“The plastic portions of your tampons and pads have the same dire consequences on the environment as every other piece of plastic”
As a woman, what’s one thing we can’t live without? Feminine hygiene products. Or more specifically pads and tampons. Every month we have our ‘cheery’ little visitor. It’s a chore to entertain her and in most cases, it’s unavoidable.
WHAT’S IN YOUR SANITARY PADS AND TAMPONS
Tampons are generally made from a combination of cotton and rayon unless you purchase an organic brand which will use just cotton. If your tampon comes with an applicator, it will generally be made from plastic (some ‘green’ brands will provide a cardboard applicator).
Pads are made from a combination of a plastic underside with the ‘pad’ being made from cotton, rayon, viscose and sometimes a blend of all three. Disposable pads also contain a chemical called sodium polyacrylate which makes them super absorbant but is also a major skin irritant.
In commercial brands, you will also find plastic chemicals such as BPA, BPS and Phthalates (endocrine disruptors) as well as fragrances and odour neutralisers. You’ll also find polyesters and thermoplastic polymers such as polypropylene and polyethylene used in the pad liners, coatings of tampons, wrappers and packaging.
THE FINANCIAL IMPACT OF PADS AND TAMPONS
On average, we will menstruate for around 35 – 40 years and use 4 tampons per day for approximately 3 – 7 days per month (or pads depending on your preference). This equates to around 9000 – 10,000 tampons in a lifetime.
Eek! That’s around 300 tampons per year for just one individual and in the United States alone, an estimated 7 billion tampons are disposed of annually. On top of that, it’s estimated that 12 billion pads are disposed of also.
Let’s just take a moment to think about how much money we spend on pads and tampons per month, per year and in our lifetime. I’ve estimated I used to spend around $100 per year (not including any other products related to my monthly period). If I continue to use pads and tampons, I would estimate that I would end up spending between $3800 – $4000.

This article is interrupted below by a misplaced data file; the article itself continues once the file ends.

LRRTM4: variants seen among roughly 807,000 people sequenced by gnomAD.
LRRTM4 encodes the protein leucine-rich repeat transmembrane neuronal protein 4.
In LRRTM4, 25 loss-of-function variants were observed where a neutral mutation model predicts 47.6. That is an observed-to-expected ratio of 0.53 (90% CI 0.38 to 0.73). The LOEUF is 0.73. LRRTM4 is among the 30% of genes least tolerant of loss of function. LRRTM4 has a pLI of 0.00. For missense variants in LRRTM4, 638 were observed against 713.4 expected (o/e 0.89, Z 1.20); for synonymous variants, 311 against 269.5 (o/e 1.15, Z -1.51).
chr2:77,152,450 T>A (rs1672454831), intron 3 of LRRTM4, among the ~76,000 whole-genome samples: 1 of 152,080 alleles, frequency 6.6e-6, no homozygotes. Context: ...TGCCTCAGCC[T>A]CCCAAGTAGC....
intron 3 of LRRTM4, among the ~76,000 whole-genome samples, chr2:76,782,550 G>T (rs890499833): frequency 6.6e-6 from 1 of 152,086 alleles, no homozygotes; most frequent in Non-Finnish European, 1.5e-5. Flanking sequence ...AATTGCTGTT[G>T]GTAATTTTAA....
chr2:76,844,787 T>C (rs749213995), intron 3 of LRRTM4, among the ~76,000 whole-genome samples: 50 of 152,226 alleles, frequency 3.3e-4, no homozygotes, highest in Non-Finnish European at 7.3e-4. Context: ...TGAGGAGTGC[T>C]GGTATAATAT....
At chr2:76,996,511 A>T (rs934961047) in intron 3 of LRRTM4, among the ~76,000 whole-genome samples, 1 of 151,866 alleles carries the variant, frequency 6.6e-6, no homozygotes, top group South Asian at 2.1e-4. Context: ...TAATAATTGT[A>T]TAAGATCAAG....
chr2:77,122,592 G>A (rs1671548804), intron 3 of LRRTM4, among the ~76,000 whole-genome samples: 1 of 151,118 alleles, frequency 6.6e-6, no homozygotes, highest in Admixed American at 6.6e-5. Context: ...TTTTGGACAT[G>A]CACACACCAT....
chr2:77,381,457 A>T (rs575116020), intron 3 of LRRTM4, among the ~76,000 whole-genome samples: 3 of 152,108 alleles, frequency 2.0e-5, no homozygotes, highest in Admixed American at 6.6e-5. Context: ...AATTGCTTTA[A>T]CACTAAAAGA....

THE HEALTH IMPACTS ASSOCIATED WITH PADS AND TAMPONS
There are several health risks associated with using tampons and even pads.
– Tampons can increase the risk of Toxic Shock Syndrome. TSS is a rare but life-threatening illness that is caused by infection from certain types of bacteria, namely Staphylococcus aureus and Streptococcus pyogenes.
TSS can be caused by leaving a tampon in for too long, encouraging the bacteria to grow. It can also be caused by a tampon which has stuck to the vaginal wall and causes an abrasion when being removed.
– Bacterial vaginosis is a common vaginal infection which results from using tampons regularly as they can change the normal balance of the bacteria in your vagina.
– Did you know that your tampons contain harmful chemicals which can leach into your system?? Neither did I! It turns out, most brands of tampons and pads chemically treat and bleach their tampons and pads to give them their crisp whiteness and to purify the synthetic portions of the product.